I haven’t shown Before and After images in over a year, so I thought this past engagement shoot would lend some great examples because the lighting wasn’t ideal. The sunlight was extremely bright, which meant my couple was either in the harsh sun or the dark shadows.
Plus, moving in and out of the shadows changed the white balance, and I shoot too fast to catch some of the slight shifts during the shoot. So it was up to me to oomph the images in a way that set the mood as it was on that day: warm, beautiful and romantic.
(Note: If you are new to my blog, I call my editing process: oomph-ing!)
When I was going through my images after the shoot, I knew this one was a keeper because the composition highlighted their body language, which showed a kind of sweet tenderness, but the color was a little cool for my taste.
Once oomphed, the image looks romantic, sweet, and a little sexy!
I love the slanted tree on the side and the branches hanging down from the top of the frame. However, my subjects were in the shade and the background was fully lit.
In camera, you can compensate by letting in more light, but then you risk washing out the beautiful hills in the background or having a blurry photo from having a slower shutter speed! Also, since my style is editorial, my subjects were in motion, so I had to act fast or else I’d miss this beautiful moment.
Ahhhh… now it looks like Summer love in the vineyard!
I not only evened out the light, but I also gave it a warm, vintage coloring.
Before & After
I actually took quite a few frames to get this because my subjects had to be in the perfect angle to catch enough light on their faces and body. This is the challenge when it is a sunny day and your shooting style is editorial. (I don’t like posing my subjects too much because then the expressions look artificial. I like capturing emotions and a story.)
To make this image the best it can be, I cropped out some of the clutter, like the car on the left and some rocks and hose on the right. Cropping also meant my subjects would be a little larger & closer, which I thought would look better for this photo.
When I took the shot, I had wanted it composed with the subjects small & in the center, but seeing the image on my computer sometimes changes my game plan!
The oomphing changed an image that probably wouldn’t have made it into the final cut (as is) to an image that would look amazing on a large canvas wrap!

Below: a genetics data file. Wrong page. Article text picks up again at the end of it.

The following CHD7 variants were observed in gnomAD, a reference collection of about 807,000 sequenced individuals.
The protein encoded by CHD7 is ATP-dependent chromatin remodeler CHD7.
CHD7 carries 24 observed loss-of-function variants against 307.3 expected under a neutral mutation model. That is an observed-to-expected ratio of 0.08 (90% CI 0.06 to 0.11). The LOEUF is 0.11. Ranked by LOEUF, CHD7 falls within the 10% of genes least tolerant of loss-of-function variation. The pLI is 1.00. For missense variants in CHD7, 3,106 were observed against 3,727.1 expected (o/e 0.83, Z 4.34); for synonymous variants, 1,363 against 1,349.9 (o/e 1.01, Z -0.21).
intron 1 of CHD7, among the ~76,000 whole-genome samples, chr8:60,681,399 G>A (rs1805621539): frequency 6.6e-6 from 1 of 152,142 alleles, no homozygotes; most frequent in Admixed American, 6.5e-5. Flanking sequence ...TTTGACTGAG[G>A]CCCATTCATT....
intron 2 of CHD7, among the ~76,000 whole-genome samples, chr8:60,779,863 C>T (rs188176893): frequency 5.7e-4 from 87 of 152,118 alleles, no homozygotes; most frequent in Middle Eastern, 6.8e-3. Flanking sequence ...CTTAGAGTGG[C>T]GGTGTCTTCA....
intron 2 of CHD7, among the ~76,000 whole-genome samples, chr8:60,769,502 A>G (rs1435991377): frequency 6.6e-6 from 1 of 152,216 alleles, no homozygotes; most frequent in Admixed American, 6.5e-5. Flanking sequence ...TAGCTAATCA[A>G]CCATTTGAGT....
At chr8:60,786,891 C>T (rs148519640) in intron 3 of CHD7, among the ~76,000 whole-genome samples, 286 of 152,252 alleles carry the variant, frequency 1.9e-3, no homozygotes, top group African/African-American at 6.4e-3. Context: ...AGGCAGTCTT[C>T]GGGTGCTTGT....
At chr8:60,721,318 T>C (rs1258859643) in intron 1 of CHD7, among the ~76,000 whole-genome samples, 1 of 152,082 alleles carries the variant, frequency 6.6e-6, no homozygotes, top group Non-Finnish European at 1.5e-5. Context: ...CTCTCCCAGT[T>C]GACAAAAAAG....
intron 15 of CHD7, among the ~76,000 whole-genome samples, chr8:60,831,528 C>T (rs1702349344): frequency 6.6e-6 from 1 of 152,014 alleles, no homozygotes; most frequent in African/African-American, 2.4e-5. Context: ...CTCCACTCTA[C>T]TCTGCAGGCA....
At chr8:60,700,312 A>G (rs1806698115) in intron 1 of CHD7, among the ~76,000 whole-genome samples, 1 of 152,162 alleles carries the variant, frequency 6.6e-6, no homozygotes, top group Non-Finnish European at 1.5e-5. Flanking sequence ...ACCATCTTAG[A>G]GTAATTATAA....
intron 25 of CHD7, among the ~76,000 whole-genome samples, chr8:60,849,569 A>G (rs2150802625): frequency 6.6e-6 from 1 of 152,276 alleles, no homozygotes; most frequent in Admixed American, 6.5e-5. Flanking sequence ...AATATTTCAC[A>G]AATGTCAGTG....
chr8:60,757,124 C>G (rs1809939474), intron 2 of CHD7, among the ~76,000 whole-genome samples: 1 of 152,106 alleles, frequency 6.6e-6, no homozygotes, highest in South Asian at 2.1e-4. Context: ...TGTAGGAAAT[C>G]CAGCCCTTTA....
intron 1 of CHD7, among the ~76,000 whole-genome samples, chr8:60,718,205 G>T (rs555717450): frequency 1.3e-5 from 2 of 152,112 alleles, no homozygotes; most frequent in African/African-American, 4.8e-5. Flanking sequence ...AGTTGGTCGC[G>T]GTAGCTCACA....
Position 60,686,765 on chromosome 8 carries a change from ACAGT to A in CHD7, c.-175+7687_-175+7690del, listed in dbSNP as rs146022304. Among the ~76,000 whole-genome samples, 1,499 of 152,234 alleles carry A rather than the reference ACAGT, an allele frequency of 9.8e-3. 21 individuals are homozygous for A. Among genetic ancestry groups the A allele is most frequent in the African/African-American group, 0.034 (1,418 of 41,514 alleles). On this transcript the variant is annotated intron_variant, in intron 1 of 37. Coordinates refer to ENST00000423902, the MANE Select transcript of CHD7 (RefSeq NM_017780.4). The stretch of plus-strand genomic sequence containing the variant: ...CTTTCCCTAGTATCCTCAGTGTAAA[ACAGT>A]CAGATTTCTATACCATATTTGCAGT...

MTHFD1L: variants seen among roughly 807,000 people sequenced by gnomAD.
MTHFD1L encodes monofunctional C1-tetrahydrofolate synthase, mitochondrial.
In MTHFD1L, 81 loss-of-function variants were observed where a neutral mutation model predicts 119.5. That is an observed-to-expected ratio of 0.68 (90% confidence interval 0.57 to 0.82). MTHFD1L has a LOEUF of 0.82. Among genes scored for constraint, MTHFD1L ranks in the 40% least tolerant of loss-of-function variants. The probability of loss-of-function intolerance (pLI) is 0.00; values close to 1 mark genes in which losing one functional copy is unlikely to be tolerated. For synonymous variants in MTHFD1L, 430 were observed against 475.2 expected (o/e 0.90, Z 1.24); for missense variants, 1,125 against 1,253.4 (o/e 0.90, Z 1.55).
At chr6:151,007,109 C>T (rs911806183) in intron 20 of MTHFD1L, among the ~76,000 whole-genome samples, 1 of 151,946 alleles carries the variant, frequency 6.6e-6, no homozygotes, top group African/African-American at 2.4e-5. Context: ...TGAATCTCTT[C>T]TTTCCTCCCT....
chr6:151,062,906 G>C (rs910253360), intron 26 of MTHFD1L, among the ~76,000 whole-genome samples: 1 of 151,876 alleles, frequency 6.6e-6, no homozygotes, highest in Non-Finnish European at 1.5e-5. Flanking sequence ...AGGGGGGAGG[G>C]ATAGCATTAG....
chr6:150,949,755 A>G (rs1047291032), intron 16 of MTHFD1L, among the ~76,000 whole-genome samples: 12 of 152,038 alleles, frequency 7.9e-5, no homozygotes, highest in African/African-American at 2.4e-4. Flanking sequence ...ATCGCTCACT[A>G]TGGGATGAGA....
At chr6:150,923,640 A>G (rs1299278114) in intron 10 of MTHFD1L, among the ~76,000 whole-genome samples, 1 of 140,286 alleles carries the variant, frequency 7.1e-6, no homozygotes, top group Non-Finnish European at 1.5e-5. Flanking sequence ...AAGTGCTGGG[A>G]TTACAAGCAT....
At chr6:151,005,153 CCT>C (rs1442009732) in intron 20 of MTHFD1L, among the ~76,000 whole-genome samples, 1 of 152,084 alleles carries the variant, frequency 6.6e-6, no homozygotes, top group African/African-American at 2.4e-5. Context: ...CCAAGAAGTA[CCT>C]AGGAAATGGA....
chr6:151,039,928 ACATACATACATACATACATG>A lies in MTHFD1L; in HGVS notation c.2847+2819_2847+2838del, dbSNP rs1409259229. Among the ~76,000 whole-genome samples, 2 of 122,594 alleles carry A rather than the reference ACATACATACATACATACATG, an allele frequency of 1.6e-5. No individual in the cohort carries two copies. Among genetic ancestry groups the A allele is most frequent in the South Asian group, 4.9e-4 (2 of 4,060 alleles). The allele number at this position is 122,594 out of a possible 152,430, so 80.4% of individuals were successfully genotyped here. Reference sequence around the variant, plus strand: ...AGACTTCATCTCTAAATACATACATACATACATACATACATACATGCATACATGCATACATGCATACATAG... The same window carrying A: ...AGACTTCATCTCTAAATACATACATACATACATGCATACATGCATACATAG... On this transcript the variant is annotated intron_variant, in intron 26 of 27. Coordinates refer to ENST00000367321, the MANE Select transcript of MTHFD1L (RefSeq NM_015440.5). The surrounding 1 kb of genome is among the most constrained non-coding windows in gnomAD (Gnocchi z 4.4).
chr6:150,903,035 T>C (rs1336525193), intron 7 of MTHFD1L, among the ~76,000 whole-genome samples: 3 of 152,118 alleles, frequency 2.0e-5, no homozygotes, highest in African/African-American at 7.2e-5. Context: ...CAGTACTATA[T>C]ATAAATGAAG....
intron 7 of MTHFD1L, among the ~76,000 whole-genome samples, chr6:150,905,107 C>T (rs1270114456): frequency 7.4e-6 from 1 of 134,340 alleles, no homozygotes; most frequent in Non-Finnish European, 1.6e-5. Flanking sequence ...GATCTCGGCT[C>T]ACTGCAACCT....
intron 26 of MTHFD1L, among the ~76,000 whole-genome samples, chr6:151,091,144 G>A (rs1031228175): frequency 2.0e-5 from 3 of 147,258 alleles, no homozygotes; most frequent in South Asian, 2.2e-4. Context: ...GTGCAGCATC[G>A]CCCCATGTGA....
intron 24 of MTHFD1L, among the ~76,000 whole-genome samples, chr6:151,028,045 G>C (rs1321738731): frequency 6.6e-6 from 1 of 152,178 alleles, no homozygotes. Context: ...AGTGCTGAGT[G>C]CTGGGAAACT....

When I first met my subjects, I thought, “They look like models!” and then I did a jump-kick and the splits… in my head, of course. 🙂
As most of you know, there is a lot of airbrushing and Photoshopping in magazines and photos of models. So I extended the same courtesy to my subjects who already looked fabulous, but just needed a little oomph.
Ooh la la! Now they look like models in a fashion spread. Their digital facial, if you will, still lets them look like themselves. You still see a few freckles and wrinkles, which, in my opinion, are what makes us each unique, like a fingerprint.
Photoshopping someone’s skin is probably one of the most controversial editing topics for photographers. A couple years ago, I would’ve never done this because I believed everyone looked better unedited! Now I see the editing work like patting on a little more makeup, but digitally. I feel strongly, however, about leaving permanent marks, like moles and birth marks, alone. Again, that’s just part of your “fingerprint” or uniqueness.
Some photographers don’t like to reveal how much was done in post-production, but I think it’s incredibly interesting to see the before and after photos — not just for photography enthusiasts, but also for clients. Personally, I’m happy to share with my clients how much effort and artistry I put into creating each image in my gallery!
In case you’re wondering, there are also images that look fantastic right out of the camera: the color, white balance, saturation, hue, contrast, composition. Starting in 2010, I oomph almost all images in client galleries. That’s just how I roll.
I remember that not long ago, I’d pride myself on how I only did “light editing”, such as cropping or contrast adjustment. But now I think differently.
When I think back to my film development and enlargement class at UC Berkeley, I remember one of my biggest A-Ha! moments was realizing that taking the shot is only half of the creative process. Half! The other half is what happened in the dark room! The same applies now with digital photography. The digital dark room — a photo editing software, such as Photoshop — plays a very key role in how the final image will look.
You can take 10 photographers to process the same image and come out with 10 very different images, just as you would if you asked 10 photographers to take a photo of the same subjects.
[Click here to see last year’s Before and After – Part 3 post.]